2. General Grant

General Grant’s massive tree was once called the Nation’s Christmas Tree

iStock.com/StevenSchremp

Volume m3Height mCircumference m
1,31981.732.8

The last of the trees named for presidents is the General Grant. This tree is named for Ulysses S. Grant, a military officer during the American Civil War and later the president of the United States. This tree is located in the General Grant Grove, part of the Kings Canyon National Park. General Grant is sometimes referred to as the “Nation’s Christmas Tree”, a tradition stemming from President Calvin Coolidge in 1926.

1. General Sherman

General Sherman is a large tree named for a powerful man

zdenekkounovsky/Shutterstock.com

Volume m3Height mCircumference m
1,48683.831.3

The largest tree in the world is General Sherman. This massive tree has a volume of 1,486 cubic meters, over 100 more than the previous entry. The tree is located in the Giant Forest Grove in California, and it’s named for William Tecumseh Sherman. He was a general in the Union Army during the American Civil War. His tactics were harsh but helped the Union win the war.

What Is the Largest Tree in the World?

The largest tree in the world is a giant sequoia that is called General Sherman. It has a volume of 1,486m3 making it the tree with the greatest volume of wood in the world. This and many other large trees are located in various giant sequoia groves located throughout California.

What Is the Tallest Tree in the World?

Largest Tree - Hyperion Tree
The Hyperion tree is the world’s tallest tree at 380 feet.

Stephen Moehle/Shutterstock.com

The tallest tree in the world is known as Hyperion. This tree’s true location is hidden because of worries that it would attract people that would harm the tree. This tree is 115 meters (380 feet) tall and is located in the Redwood National Forest in California, United States.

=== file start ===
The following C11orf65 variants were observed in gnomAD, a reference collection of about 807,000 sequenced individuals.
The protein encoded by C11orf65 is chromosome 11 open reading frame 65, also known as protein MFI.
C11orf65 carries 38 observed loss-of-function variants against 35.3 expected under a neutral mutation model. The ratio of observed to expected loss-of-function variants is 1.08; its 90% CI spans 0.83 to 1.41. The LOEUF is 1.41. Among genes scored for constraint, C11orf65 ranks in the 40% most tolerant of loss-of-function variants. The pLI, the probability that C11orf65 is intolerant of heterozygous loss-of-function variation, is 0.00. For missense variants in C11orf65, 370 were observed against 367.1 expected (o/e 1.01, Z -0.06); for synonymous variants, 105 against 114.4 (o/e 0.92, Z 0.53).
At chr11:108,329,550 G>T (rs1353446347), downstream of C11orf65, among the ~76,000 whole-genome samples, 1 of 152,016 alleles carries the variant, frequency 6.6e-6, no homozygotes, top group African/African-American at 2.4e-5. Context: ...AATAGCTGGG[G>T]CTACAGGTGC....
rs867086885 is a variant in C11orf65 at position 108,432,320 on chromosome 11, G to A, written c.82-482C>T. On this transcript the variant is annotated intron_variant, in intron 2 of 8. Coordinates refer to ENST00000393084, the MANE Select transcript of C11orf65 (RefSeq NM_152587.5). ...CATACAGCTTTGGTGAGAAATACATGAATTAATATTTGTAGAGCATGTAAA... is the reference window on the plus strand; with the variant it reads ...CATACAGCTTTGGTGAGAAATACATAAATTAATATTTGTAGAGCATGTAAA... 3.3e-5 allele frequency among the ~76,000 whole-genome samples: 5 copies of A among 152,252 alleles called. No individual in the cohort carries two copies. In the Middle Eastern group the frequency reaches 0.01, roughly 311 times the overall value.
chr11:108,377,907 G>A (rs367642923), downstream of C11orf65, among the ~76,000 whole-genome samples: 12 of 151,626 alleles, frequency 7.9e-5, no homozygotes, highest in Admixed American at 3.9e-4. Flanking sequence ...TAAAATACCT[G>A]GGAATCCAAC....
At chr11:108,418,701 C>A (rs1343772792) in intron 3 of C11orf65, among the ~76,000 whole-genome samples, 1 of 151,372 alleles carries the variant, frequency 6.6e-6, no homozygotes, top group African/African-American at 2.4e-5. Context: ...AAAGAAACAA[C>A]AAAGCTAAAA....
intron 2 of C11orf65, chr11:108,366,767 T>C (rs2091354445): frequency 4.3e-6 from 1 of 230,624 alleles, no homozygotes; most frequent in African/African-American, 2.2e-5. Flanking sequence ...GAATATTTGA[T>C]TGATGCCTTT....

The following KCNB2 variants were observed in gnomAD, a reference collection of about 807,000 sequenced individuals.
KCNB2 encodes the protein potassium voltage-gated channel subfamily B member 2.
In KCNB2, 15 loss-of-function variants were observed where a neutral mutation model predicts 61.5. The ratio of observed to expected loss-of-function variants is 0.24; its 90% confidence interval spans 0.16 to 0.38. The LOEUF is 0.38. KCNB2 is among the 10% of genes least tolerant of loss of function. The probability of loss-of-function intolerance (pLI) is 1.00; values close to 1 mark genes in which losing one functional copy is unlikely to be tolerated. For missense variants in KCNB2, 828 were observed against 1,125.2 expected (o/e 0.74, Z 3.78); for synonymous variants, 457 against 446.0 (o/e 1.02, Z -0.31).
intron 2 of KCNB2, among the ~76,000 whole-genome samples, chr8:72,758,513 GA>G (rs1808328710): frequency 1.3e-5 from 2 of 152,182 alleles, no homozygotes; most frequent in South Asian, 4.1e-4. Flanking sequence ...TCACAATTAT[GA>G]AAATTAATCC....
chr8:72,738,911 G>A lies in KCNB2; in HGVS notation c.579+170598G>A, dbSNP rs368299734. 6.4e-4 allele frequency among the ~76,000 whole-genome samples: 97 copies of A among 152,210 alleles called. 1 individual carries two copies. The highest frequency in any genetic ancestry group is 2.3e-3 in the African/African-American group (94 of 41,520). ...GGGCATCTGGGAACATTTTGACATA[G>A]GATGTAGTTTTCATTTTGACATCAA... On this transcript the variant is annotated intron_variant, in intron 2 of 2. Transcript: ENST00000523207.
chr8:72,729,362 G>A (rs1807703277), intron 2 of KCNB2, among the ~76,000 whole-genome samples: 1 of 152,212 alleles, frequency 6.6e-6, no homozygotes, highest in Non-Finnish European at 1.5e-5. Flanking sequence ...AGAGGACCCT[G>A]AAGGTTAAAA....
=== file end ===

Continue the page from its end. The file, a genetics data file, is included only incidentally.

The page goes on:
What is the Oldest Tree in the World?

The oldest tree in the world is a 4,863-year-old tree called Methuselah, named after a biblical figure. This is a bristlecone pine tree that is growing in the White Mountains. Interestingly, this tree is also located in California.

What is the Stoutest Tree in the World?

The stoutest tree in the world is the Arbol del Tule, a tree with a diameter of 11.62 meters or 38.1 feet. The stoutest trees are indicative of a measure of a single trunk’s diameter.

Final Thoughts on the 10 Largest Trees in the World

The list of the largest trees in the world might seem a little anticlimactic to some because they’re all the same species of tree. Expanding past the top 10 largest trees would see the inclusion of far more tree types such as redwoods, mountain ash, and spruce trees.

The list of the tallest trees has changed significantly in recent years due to lightning strikes that have caused some trees to lose volume and others to burn down entirely. The list will likely see updates in the future as damage from large fires is measured.

Up Next:

Share this post on:
About the Author

I'm a freelance writer with 8 years of experience. I've written in a variety of niches such as video games, animals, and managed service providers. I graduated from Rowan University in 2014 with degrees in English and Education. When I'm not working, I enjoy playing video games, reading, and writing for fun.

Thank you for reading! Have some feedback for us? Contact the AZ Animals editorial team.